I keep researching this topic from several perspectives: regional availability, provided architecture, most popular use cases, VMware software versions, provided hardware configuration, and finally the price of a 3-node vSphere cluster in the Cloud.
The very first factor in your comparison should be if the service is available in your region? Generally speaking, each cloud vendor offers comprehensive, global availability of the service, and each vendor works on enabling the VMware service in the available regions over time.
The images below are just for illustration and are most likely already outdated (2020), please use the source links to research details on the current status.
Source: Spanning the globe with Google Cloud VMware Engine – VMware Cloud Blog
Latest: Global Locations – Regions & Zones | Google Cloud
Scroll down to “Products available by location”, locate Google Cloud VMware Engine, and check for green dots.
Source for the latest: Azure Products by Region | Microsoft Azure
Scroll down and look for Azure VMware Solution and check for blue ticks.
Source: AWS Region and Availability Zone Support (vmware.com)
Source for the latest: AWS Regional Services (amazon.com)
AWS works a little differently, you need to pick the region first and then you will get the list of services available. Check out VMware Cloud on AWS in the list.
Source for the latest: Cloud Data Center Regions and Locations | Oracle
Find the region category and observe Oracle Cloud VMware Solution with green ticks in circles.
The 3-node VMware cluster is the same VMware software in each cloud. You might find minor VMware software version differences, 6.x, 7.x, etc. on supported versions. Make sure that the cloud vendor supports the desired version, however, VMware HCX can overcome minor version differences between on-premises and cloud.
The designs and the purpose are very similar; relocate VM-based legacy monoliths quick and dirty to the cloud, and enjoy the low-latency connection to cloud-native services.
For example, Oracle Cloud has a compelling story of migrating/BYOL on-premises Oracle Standard Edition Databases to OCI Autonomous Databases while relocating the connecting VMs to Oracle VMware Solution.
Remember this, we RELOCATE VMware. Virtual Machine remains. VMware Virtual Disk Format (VMDK) remains. The software stack remains. Some of the problems remain (not the hardware maintenance) because we have just relocated our VMware deployment from the local data center to the cloud vendor’s data center.
Source: 7 Strategies for Migrating Applications to the Cloud, introducing AWS Mainframe Modernization and AWS Migration Hub Refactor Spaces | AWS Cloud Enterprise Strategy Blog (amazon.com)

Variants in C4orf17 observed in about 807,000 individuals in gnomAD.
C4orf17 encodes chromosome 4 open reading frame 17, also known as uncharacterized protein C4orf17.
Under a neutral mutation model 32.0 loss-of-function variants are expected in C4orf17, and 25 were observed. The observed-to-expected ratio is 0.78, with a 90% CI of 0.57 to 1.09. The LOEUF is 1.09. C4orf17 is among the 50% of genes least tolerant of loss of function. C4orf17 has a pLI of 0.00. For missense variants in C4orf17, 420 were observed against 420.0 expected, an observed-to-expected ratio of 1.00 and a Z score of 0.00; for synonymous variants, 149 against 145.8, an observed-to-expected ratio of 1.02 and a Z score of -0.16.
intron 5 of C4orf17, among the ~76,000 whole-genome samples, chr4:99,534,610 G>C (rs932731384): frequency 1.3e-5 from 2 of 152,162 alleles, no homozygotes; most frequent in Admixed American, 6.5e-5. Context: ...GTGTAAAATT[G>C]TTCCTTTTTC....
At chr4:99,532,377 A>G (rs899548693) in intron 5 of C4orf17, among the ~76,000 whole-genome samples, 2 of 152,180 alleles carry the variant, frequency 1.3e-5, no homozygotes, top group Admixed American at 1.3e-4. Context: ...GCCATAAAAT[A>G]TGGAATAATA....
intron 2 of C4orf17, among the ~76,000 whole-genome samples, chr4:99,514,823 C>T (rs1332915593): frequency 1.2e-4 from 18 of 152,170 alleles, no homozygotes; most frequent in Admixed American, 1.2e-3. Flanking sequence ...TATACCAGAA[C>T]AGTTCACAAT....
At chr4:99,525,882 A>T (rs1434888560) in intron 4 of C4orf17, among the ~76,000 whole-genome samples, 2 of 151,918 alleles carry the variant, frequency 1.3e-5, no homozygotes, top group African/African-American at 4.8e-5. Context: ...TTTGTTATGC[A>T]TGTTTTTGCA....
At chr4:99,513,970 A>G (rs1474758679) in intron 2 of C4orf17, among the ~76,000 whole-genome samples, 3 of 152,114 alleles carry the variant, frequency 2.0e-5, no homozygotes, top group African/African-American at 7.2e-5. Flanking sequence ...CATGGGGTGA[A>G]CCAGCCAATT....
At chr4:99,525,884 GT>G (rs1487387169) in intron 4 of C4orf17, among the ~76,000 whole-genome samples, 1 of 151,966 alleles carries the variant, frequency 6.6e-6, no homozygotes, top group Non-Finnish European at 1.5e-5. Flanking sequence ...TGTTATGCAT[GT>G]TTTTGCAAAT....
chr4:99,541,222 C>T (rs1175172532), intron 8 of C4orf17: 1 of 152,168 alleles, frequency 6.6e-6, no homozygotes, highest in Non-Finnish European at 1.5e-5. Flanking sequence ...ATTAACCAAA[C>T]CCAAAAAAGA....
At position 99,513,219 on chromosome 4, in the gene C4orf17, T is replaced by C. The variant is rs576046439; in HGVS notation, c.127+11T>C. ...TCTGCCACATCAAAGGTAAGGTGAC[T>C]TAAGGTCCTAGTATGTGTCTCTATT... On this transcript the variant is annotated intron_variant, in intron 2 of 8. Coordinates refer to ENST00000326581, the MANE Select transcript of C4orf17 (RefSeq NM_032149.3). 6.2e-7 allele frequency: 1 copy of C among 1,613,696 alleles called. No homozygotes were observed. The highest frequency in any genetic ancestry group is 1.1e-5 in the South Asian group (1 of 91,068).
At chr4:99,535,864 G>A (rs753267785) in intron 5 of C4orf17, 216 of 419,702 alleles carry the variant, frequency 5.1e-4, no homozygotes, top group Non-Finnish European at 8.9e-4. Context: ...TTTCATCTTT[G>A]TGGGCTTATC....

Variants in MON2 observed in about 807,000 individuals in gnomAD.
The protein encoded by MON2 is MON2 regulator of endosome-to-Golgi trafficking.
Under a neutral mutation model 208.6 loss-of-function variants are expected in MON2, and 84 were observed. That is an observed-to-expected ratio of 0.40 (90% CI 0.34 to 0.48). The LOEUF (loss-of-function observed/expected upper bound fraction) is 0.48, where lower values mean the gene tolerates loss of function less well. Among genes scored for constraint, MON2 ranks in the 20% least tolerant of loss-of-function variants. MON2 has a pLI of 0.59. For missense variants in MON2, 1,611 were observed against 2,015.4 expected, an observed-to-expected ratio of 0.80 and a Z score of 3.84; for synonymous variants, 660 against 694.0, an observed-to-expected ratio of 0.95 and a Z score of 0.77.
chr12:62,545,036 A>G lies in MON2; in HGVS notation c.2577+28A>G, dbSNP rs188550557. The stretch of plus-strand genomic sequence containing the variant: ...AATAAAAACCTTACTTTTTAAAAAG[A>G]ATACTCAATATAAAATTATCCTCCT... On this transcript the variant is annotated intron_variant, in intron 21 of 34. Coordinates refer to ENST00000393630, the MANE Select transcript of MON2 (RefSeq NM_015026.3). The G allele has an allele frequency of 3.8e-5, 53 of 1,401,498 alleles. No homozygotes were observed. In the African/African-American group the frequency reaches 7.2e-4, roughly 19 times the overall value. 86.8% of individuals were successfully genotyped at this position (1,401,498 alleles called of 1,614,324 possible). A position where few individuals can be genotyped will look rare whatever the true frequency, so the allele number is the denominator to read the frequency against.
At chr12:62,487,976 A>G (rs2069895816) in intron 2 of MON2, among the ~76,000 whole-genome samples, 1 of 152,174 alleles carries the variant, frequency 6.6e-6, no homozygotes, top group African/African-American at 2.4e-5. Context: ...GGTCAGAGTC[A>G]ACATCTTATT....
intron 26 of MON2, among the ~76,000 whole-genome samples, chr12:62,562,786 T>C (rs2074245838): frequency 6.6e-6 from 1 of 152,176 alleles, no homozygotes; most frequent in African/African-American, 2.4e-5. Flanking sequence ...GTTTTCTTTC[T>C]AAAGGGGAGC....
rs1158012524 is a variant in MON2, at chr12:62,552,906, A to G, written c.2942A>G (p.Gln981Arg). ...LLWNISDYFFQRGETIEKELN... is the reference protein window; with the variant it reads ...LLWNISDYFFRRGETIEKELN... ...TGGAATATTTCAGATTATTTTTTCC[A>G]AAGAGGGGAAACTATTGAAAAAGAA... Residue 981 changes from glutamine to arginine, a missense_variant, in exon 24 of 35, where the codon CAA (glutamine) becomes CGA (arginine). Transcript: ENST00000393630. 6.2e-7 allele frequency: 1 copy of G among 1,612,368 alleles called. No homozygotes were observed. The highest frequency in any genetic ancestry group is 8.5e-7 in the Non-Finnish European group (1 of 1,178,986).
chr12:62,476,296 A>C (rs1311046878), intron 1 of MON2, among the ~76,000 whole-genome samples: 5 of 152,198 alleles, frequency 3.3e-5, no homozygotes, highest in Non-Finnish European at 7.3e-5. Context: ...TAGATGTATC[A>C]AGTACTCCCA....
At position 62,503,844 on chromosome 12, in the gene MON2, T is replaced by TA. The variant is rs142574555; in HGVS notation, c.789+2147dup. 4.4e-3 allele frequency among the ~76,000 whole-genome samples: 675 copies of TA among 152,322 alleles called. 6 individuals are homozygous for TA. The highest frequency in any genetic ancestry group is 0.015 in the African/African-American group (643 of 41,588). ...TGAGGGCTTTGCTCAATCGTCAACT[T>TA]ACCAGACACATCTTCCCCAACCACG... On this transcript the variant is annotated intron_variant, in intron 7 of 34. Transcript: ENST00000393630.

We do relocation here. Similar to Containers. In every other “R” case, such as rehost, re-platform, etc. we stop using VMware software.
Learn more here: Google Cloud VMware Engine
Learn more here: Enterprise-scale example architectures connectivity to Azure VMware Solution – Cloud Adoption Framework | Microsoft Learn
Learn more here: Augmenting VMware Cloud on AWS Workloads with Native AWS services | AWS Architecture Blog (amazon.com)
Learn more here: Overview of Oracle Cloud VMware Solution
Examples of unique offerings
I am committed to understanding the unique offerings of the vendors, however, offers looks quite similar due to their nature 🙂
AWS’s offering is a VMware Service, unlike any other solution on the market. VMware offers a provisioning portal, so you will not find the VMware Cloud on AWS service on AWS Console.
Only AWS offers training and certification at the moment, but I think this will change very soon.
I got this, learn more here: VMware Certified Master Specialist – VMware Cloud on AWS 2022 – Credly
OCI is the only cloud that provides access to the underlying vCenter infrastructure and provides full control and responsibility for all SDDC components:
Learn more here: VMware Cloud Well-Architected Framework for Oracle Cloud VMware Solution: Shared Responsibility Model | VMware
Why? Use cases.
I think if you combine ALL use cases provided by these 4 vendors you will get an idea of what and why you might relocate your VMware environment to the public cloud.
Some common points on the WHY
- You can leverage existing VMware skills in Cloud
- NSX-T network segments are pretty nice and easy ways of building a hybrid cloud
- Integrate VMware on-premises tools, skillsets, and processes with public cloud services
- You have more predictable expenses, unlike some of the public cloud(-native) services
Source: Features, benefits, and use cases | Google Cloud VMware Engine Documentation , use cases section
Learn more here: Azure VMware Solution Overview
Learn more here: Use Cases for VMware Cloud on AWS | VMware
Learn more about OCI use cases here: Common Migration Use Cases for Oracle Cloud VMware Solution
HCX-based migration between on-premises and the cloud is really nice.
You can use VMware HCX for DR scenarios as well. In this case, there is no need for VMware SRM software (extension).
Support for additional VMware software in Cloud?
Another big question is what happens to additional VMware software you own on-premises. Can you relocate them to Cloud and continue to use them? HCX and NSX-T are mandatory parts of the solution, SRM is in most cases supported, and vRealize (now called Aria) is getting more and more support across the solutions. Below is a screenshot of how to enable additional VMware components using VMware Cloud on AWS portal.
When it comes to VDI, such as Horizon View, relocation of connections servers is not obvious, but you will find solutions that allow you to continue to use VMware VDI solutions in Cloud. Instead of or together with Azure Virtual Desktop or AWS Workspaces. For example, Microsoft offers various ways when it comes to the shared responsibility matrix.